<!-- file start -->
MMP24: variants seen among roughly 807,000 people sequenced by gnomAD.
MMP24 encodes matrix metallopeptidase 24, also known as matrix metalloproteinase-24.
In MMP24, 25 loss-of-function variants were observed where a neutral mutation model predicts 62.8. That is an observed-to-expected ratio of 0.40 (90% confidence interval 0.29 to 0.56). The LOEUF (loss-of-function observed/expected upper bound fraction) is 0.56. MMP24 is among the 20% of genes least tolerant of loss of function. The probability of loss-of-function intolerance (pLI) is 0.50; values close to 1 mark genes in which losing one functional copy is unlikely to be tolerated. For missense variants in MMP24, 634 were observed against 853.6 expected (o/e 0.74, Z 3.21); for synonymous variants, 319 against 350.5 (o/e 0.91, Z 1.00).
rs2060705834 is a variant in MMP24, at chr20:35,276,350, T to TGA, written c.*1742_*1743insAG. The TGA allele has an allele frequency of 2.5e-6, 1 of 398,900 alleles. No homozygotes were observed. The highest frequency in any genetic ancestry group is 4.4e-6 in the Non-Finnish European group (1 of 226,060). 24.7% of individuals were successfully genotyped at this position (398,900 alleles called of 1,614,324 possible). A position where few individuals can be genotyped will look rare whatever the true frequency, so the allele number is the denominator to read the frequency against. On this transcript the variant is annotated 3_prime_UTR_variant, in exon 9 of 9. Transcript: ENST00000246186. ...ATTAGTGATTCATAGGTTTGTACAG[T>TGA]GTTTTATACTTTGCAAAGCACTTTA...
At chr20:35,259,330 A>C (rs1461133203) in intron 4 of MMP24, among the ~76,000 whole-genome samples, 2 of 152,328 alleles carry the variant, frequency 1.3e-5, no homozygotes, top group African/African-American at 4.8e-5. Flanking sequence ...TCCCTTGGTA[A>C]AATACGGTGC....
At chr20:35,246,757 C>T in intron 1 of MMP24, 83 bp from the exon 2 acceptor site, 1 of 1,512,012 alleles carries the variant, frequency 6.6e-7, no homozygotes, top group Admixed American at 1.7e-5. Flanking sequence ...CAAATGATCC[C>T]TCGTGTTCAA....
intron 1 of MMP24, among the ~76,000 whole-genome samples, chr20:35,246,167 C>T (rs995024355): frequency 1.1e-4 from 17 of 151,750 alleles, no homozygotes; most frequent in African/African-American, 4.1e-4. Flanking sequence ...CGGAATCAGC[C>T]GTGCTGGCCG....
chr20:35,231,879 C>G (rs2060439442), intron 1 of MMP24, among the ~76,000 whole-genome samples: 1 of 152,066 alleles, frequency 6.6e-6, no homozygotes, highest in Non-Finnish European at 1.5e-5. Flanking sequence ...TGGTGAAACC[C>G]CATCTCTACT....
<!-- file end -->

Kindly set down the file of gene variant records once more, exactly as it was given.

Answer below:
MMP24: variants seen among roughly 807,000 people sequenced by gnomAD.
MMP24 encodes matrix metallopeptidase 24, also known as matrix metalloproteinase-24.
In MMP24, 25 loss-of-function variants were observed where a neutral mutation model predicts 62.8. That is an observed-to-expected ratio of 0.40 (90% confidence interval 0.29 to 0.56). The LOEUF (loss-of-function observed/expected upper bound fraction) is 0.56. MMP24 is among the 20% of genes least tolerant of loss of function. The probability of loss-of-function intolerance (pLI) is 0.50; values close to 1 mark genes in which losing one functional copy is unlikely to be tolerated. For missense variants in MMP24, 634 were observed against 853.6 expected (o/e 0.74, Z 3.21); for synonymous variants, 319 against 350.5 (o/e 0.91, Z 1.00).
rs2060705834 is a variant in MMP24, at chr20:35,276,350, T to TGA, written c.*1742_*1743insAG. The TGA allele has an allele frequency of 2.5e-6, 1 of 398,900 alleles. No homozygotes were observed. The highest frequency in any genetic ancestry group is 4.4e-6 in the Non-Finnish European group (1 of 226,060). 24.7% of individuals were successfully genotyped at this position (398,900 alleles called of 1,614,324 possible). A position where few individuals can be genotyped will look rare whatever the true frequency, so the allele number is the denominator to read the frequency against. On this transcript the variant is annotated 3_prime_UTR_variant, in exon 9 of 9. Transcript: ENST00000246186. ...ATTAGTGATTCATAGGTTTGTACAG[T>TGA]GTTTTATACTTTGCAAAGCACTTTA...
At chr20:35,259,330 A>C (rs1461133203) in intron 4 of MMP24, among the ~76,000 whole-genome samples, 2 of 152,328 alleles carry the variant, frequency 1.3e-5, no homozygotes, top group African/African-American at 4.8e-5. Flanking sequence ...TCCCTTGGTA[A>C]AATACGGTGC....
At chr20:35,246,757 C>T in intron 1 of MMP24, 83 bp from the exon 2 acceptor site, 1 of 1,512,012 alleles carries the variant, frequency 6.6e-7, no homozygotes, top group Admixed American at 1.7e-5. Flanking sequence ...CAAATGATCC[C>T]TCGTGTTCAA....
intron 1 of MMP24, among the ~76,000 whole-genome samples, chr20:35,246,167 C>T (rs995024355): frequency 1.1e-4 from 17 of 151,750 alleles, no homozygotes; most frequent in African/African-American, 4.1e-4. Flanking sequence ...CGGAATCAGC[C>T]GTGCTGGCCG....
chr20:35,231,879 C>G (rs2060439442), intron 1 of MMP24, among the ~76,000 whole-genome samples: 1 of 152,066 alleles, frequency 6.6e-6, no homozygotes, highest in Non-Finnish European at 1.5e-5. Flanking sequence ...TGGTGAAACC[C>G]CATCTCTACT....